A: “…but you may take your RMD from any account or accounts you wish. You should leave your TSP account untapped for as long as possible.”

If the original RMD I made in 2013 meets the requirement for the TSP account, should I notify TSP in some way that this has been done so they do not withdraw it again on April 1 and mail to me? I have made my one withdrawal allowed back in 2009 and do not wish to change to monthly withdrawals, an annuity or a total lump-sum transfer to another IRA. Are yearly RMD withdrawals allowed?

A. I’m sorry for the confusion. You must take your TSP RMD from your TSP account. You will have to begin monthly withdrawals, and I suggest that you use fixed monthly withdrawals since they may be changed in the future and the TSP will send you an extra payment, if necessary, to make sure that your RMD is taken each year. Annual withdrawals are not allowed.

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Starting TSP withdrawals now vs. at 70 1/2

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Q. I retired under FERS two years ago, and I haven’t needed to touch my Thrift Savings Plan account so far. I am receiving Office of Personnel Management, Social Security and military retirements. I am 68½ years old. I just received a 100 percent Veterans Affairs Department disability award, which will change my taxable military retirement to a nontaxable VA retirement. I don’t think this will have any effect on my long-term life expectancy. I have determined that I do not want to elect an annuity on withdrawing from my TSP. I am considering immediately starting a monthly TSP withdrawal based on life expectancy. What are the advantages and disadvantages of starting withdrawals immediately versus waiting until the 70½ mandatory withdrawals? I am a married man, and we declined a survivor benefit plan.

A. Starting withdrawals now will provide you with more income now but will produce a larger taxable income and begin to deplete your account. Waiting will reduce your current taxable income and preserve your account’s value (if you don’t lose it to the markets), but also reduce your current standard of living and increase your taxable income later in life.

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MetLife

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Q. My mother’s plan was purchased by MetLife. She wants to make a withdrawal but is told she can’t, or she needs a higher monthly payment. It’s only $300 due to a paperwork mistake, but she was told she could only submit this one time this year. Is there anything to do?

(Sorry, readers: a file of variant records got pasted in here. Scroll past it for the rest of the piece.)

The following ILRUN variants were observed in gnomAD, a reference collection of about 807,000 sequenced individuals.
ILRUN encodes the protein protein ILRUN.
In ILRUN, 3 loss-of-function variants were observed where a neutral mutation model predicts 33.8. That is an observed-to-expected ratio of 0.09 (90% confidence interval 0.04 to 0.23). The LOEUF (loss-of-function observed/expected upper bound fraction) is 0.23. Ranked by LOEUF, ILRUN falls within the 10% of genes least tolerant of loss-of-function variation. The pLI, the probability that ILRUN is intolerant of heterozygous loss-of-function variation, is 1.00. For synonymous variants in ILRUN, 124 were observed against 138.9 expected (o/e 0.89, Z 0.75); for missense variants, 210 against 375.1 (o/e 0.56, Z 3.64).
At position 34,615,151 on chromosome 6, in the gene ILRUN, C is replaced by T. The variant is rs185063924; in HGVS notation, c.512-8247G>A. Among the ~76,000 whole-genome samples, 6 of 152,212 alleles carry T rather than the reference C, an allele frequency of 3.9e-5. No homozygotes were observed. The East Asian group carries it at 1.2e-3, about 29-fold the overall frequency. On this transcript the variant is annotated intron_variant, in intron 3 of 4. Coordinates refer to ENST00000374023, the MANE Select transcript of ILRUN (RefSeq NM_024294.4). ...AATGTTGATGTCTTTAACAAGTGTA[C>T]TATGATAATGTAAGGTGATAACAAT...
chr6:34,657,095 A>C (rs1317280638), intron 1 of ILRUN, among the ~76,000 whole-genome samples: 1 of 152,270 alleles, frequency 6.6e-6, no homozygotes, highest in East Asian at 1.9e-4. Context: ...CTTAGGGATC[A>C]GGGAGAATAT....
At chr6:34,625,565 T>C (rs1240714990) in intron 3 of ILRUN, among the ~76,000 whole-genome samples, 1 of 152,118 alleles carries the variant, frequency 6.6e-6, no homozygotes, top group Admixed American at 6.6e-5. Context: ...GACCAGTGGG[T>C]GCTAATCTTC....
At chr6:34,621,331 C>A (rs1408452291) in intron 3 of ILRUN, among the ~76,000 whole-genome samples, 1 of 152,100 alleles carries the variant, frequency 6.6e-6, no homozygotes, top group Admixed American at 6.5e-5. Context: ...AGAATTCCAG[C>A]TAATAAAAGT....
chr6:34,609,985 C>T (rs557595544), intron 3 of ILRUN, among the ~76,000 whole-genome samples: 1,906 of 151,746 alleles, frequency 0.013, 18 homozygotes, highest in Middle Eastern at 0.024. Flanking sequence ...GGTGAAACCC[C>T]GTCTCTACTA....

A. If she bought an annuity, her monthly payments from that annuity are fixed for life. If she has a balance left in her Thrift Savings Plan account, she has the option of terminating her monthly payments with a final, lump-sum distribution of the remaining balance in her account, which she can roll over to an IRA, which will allow her to withdraw money as she likes.

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TSP in-service withdrawal

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Q. At age 59½, I would like to take an in-service withdrawal in June of about $100,000 from my Thrift Savings Plan. I plan to retire in December at age 60. Once I take the one-time, in-service withdrawal, can the rest be set up on monthly payments after I retire in December?

A. Yes. Monthly payments are a form of full withdrawal.

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Initiating monthly withdrawals

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 Q. In your Dec. 16 column, you suggest leaving money in the Thrift Savings Plan as long as possible. I like the suggestion to withdraw only the required minimum distribution when the time comes. I am confused how this is done since, unlike the mutual fund companies, the TSP doesn’t seem to have an option of partial withdrawals.

A. You’ll have to initiate monthly withdrawals to meet the requirement. Since you can’t go from automatic withdrawals based on your life expectancy to fixed monthly withdrawals, you’ll retain more flexibility by sticking to fixed monthly withdrawals. If your monthly withdrawals fall short of the requirement for the year, the TSP will send a check to make up the difference at the end of the year.